How to Set Up Eclipse for Web-application Development
Table of Contents
This short tutorial should help you set up a new Eclipse workspace for web application development including a Tomcat 7 server and the Apach MyFaces libraries for JavaServer Faces development. You may ignore the JSF set-up in favor of JBoss RichFaces, Seam or any other framework you choose to follow.
For example, you may like to set the width of your Java code to 120 and show a line in the editor window so that you don't go past it. This is done by
Window -> Preferences -> General -> Editors -> Text Editors.
To export these, ...
File -> Export... -> General -> Preferences.
Window -> Preferences -> Java -> Code Style -> Formatter, click Import and then navigate to find the template you saved away after modifying the format. I obsess over my code format and save my settings to java-templat-formats.xml.
Window -> Preferences -> Java -> Installed JREs. What will be there already is the JRE installed on your computer host for executing Java programs. In my humble opinion, you don't want this; see Setting up the Sun Java Developer's Kit.
To change it, click on the Location path, then click the Edit button. Navigate to where you've created a copy of Sun's Java Development Kit. For example, mine is at C:\Users\russ\dev\downloads\jdk1.6.0_20. While you're in the JRE Definition dialog, be sure to update the JRE name: so it's obvious that you're using your special one. The name can be anything you choose; I chose jdk1.6.0_20. You should see something like this:
Assuming you have this downloaded, unzippped and available, do this:
Window -> Preferences -> Server > Runtime Environments.
The easiest way to set up these libraries is to create your first project. This can be a bogus project if you like. We'll delete it afterward.
Other... -> Web.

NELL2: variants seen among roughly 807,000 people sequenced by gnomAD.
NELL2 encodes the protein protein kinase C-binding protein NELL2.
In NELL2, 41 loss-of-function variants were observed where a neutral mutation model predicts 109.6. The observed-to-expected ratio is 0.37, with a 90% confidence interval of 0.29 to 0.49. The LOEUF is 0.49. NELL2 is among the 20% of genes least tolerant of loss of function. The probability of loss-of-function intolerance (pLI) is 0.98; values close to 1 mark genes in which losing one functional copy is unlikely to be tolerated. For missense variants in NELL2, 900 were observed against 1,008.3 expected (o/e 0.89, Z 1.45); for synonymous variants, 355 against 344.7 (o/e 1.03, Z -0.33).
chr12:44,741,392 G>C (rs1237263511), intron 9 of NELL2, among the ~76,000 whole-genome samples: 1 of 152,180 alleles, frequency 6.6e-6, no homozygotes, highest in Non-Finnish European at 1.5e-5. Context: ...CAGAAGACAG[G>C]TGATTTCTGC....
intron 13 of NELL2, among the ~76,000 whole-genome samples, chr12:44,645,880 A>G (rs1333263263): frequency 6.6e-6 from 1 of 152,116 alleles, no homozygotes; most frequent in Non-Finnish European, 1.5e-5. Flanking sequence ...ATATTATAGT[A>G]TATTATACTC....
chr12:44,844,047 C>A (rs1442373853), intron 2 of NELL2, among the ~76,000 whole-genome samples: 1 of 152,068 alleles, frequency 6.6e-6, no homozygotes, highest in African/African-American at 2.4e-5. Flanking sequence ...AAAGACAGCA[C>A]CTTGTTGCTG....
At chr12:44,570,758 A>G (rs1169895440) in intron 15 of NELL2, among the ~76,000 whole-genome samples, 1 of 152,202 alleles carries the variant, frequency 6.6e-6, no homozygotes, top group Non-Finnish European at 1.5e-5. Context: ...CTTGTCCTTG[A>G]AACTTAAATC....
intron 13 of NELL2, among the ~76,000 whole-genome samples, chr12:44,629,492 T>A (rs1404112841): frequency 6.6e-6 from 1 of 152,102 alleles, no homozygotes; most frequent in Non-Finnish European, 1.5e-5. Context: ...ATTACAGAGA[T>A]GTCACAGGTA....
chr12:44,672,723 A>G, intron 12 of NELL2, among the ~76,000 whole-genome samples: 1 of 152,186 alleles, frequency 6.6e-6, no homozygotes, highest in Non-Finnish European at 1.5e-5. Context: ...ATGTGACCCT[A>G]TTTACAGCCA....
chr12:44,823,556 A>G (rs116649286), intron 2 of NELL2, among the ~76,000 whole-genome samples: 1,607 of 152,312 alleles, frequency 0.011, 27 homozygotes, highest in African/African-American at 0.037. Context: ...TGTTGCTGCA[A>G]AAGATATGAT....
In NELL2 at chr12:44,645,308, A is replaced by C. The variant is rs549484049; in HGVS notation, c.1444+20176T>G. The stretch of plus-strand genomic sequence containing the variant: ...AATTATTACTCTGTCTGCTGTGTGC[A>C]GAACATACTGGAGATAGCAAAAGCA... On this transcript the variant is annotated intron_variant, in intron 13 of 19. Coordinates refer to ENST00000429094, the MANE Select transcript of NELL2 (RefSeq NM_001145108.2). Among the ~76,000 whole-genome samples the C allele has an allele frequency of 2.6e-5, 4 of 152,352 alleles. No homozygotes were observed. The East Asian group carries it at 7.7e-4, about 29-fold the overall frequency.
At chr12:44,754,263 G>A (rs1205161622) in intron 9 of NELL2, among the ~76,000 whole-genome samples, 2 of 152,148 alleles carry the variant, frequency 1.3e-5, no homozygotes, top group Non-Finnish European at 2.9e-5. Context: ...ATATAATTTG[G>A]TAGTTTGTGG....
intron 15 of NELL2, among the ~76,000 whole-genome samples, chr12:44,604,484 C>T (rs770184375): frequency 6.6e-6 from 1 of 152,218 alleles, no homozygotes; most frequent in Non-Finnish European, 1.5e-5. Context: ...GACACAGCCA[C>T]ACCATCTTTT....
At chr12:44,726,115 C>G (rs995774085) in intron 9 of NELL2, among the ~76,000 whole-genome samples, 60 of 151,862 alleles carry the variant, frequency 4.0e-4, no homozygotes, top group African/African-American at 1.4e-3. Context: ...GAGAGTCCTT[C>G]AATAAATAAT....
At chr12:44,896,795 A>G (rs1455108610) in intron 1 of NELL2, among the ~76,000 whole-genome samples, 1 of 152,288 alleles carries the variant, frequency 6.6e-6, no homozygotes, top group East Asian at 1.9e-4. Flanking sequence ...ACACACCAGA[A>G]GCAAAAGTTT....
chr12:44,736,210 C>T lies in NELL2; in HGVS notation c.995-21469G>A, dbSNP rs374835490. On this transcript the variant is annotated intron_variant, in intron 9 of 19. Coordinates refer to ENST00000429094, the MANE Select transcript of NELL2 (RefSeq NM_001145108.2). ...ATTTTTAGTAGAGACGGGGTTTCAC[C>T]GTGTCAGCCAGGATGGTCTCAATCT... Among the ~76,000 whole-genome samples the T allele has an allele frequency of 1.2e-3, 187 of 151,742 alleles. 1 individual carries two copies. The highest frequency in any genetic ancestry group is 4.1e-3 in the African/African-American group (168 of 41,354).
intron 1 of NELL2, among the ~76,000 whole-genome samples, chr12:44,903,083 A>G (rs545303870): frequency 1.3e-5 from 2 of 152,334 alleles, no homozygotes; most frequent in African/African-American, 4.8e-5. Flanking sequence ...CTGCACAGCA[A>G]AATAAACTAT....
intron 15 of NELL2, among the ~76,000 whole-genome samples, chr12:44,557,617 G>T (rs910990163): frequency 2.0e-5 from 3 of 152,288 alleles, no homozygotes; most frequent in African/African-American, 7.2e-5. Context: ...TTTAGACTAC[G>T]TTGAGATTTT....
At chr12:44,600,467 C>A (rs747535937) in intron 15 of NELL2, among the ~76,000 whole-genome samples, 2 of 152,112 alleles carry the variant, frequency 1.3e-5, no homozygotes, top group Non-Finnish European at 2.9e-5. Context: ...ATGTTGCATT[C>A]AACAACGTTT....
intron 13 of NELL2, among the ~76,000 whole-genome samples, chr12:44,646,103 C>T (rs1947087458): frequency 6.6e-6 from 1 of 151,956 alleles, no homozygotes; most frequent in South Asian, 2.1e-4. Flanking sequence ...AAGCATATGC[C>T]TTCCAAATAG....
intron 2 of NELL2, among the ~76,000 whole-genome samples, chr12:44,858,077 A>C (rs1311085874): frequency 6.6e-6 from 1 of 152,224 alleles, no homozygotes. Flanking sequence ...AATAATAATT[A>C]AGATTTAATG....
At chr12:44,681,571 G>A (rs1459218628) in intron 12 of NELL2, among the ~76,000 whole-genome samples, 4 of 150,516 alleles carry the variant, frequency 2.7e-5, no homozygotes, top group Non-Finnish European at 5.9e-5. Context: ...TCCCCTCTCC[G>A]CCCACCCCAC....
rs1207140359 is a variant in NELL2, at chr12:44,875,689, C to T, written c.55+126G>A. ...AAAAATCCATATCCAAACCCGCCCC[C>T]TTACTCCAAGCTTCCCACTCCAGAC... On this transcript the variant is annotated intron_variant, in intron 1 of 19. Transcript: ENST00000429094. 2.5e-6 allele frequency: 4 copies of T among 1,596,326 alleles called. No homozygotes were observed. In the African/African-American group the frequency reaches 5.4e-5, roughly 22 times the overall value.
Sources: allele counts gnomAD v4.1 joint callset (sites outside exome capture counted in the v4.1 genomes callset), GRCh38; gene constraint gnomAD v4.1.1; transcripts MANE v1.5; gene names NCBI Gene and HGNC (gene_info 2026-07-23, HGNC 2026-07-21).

First, fetch the downloads we need.
Follow these steps to set up the JSF and JSTL libraries:
You should now see something similar to the following:
Dismiss the User Libraries dialog, then click to check both JSF and JSTL boxes to cause them to be added to the JSF capabilities for this workspace. Each time you set up project facets for a new Dynamic Web Project in Eclipse, you should automatically get these libraries.
At this point, you're ready to create your first Dynamic Web Project in Eclipse. You can delete the bogus project from your workspace.
The file web/WEB-INF/web.xml for most projects should appear thus. I
have removed the
<description> elements for brevity and
<welcome-file-list> over what Eclipse
<web-app xmlns:xsi="http://www.w3.org/2001/XMLSchema-instance" xmlns="http://java.sun.com/xml/ns/javaee" xmlns:web="http://java.sun.com/xml/ns/javaee/web-app_2_5.xsd" xsi:schemaLocation="http://java.sun.com/xml/ns/javaee http://java.sun.com/xml/ns/javaee/web-app_2_5.xsd" version="2.5">
The file web/WEB-INF/faces-config.xml for most projects should appear' thus, usually with a different managed-bean name, a different to-view-id name, etc. This file is extremely variable and this is only a simple example of what to expect.
<faces-config xmlns="http://java.sun.com/xml/ns/javaee" xmlns:xsi="http://www.w3.org/2001/XMLSchema-instance" xsi:schemaLocation="http://java.sun.com/xml/ns/javaee http://java.sun.com/xml/ns/javaee/web-facesconfig_1_2.xsd" version="1.2">
/index.jsp login /welcome.jsp </faces-config> user com.corejsf.UserBean session